Again, the problem here is that this is only visible when a game is middling or bad. When a game is good then yeah, I agree that the expert reviews aren't particularly interesting except to say "yeah it's good" to the people who already expect it to be good. But the potential audience served seems, at least to me, intuitively much greater than the niche 'person who didn't like previous entries but still wants to consider the new entry' audience.

    As a final thought, with From games in general I think the expert review is even more useful given how varied their games are within the 'Souls' formula. There's obviously shared DNA running throughout but each of the past 3-4 games have been markedly different from one another and Elden Ring represents yet another departure from previously established formula. With that in mind, even the expert review that says "yeah it's good" can be pretty valuable to have as an assurance that it's still good to series fans even after the evolution in formula.

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    Mittens

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    #41  Edited By Mittens

    Isn't that true of reviews of, well, all franchises? I don't remember seeing a lot of Zelda reviews made by newcomers to the franchise. Same with, say, Civ or GTA. Hell it's probably a part of why reviews of new IPs tend to be more mixed than those of sequels and other iterations.

    Ideally, a good review will have enough info to allow you to make a purchasing decision regardless of whether you actually agree with the reviewer. That said, it's usually not possible to address everything, especially with ambitious, relatively complex games. This post is a good example: those criticisms of From games are perfectly fine and valid, but they're not things I would have ever thought to discuss in a review of those games, either because I didn't experience them, or because I personally found them too minor to affect my experience with those games.

    As much as I love games writing, the idea of reviews existing help consumers make buying decisions is fading for good reason. Nobody knows your taste in games better than you do, and it's generally more useful to pop in on twitch or youtube and see the game in action for yourself, rather than make a decision based on someone else's opinion. I've made my share of purchases based on widespread critical acclaim, and I regretted many of them. Could never play more than a few hours of Divinity OS because of that writing. Persisted through many, many hours of Red Dead thinking there was something wrong with me for not enjoying a game everyone seemed to love. And everytime a new Zelda comes out with glowing praise, I have to remind myself that I find that franchise profoundly dull. I still occasionally read reviews, but mostly because I enjoy reading about games, and not to help me make a decision.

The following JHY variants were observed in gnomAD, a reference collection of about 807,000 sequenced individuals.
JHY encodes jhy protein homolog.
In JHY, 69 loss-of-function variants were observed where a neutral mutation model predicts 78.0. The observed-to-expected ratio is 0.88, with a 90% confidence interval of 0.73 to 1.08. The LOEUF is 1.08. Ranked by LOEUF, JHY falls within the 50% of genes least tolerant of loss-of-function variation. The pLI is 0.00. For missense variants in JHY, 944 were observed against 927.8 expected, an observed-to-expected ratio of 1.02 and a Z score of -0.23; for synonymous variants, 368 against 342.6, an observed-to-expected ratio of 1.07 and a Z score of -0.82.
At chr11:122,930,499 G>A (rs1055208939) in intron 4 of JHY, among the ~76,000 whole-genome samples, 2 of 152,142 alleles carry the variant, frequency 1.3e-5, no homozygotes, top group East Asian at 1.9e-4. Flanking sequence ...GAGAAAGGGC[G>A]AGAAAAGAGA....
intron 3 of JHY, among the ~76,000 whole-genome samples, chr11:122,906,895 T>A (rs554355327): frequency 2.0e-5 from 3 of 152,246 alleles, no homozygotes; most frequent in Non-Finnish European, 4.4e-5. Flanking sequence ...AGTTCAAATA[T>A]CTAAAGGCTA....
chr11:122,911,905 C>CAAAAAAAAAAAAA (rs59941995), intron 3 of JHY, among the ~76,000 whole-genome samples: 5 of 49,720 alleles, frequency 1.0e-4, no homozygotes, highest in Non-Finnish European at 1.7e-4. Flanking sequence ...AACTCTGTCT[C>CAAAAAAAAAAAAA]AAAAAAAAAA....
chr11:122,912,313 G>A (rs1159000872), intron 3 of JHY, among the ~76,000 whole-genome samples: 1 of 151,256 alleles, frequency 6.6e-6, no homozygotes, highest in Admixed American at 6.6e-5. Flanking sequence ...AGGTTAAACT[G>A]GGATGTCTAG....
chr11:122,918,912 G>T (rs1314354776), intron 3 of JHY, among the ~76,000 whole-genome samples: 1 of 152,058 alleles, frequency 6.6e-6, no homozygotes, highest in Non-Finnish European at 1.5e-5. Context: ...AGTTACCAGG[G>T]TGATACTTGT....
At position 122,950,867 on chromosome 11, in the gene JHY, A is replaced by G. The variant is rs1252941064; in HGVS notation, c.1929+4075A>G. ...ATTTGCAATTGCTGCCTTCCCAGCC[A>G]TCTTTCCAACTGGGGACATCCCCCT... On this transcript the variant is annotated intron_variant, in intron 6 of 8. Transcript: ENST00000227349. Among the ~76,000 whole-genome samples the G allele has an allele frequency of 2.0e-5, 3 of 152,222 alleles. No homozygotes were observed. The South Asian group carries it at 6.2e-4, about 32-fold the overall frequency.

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    Humanity

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    @ares42 said:

    I feel like you're touching on a subject that becomes sorta ridiculous if you just change perspective a little bit.

    ....

    This has basically always been the core issue with this argument and why, in theory it's a good idea, but in reality it serves no one in particular. The one thing that I liked in old PC gaming magazines was a short "Second Opinion" blurb where they had another editor chime in with a slightly different perspective over the course of a single paragraph. It was a nice companion to the main review and sometimes would highlight issues from a perspective that maybe spoke more directly to the fence-sitting crowd.

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    monkeyking1969

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    #43  Edited By monkeyking1969

    I think Elden Rings will have the hardest path to forge being its own thing even if ist does "share DNA with Dark Souls". There are six different set of expection this game carries on it back because of what it is and who made it: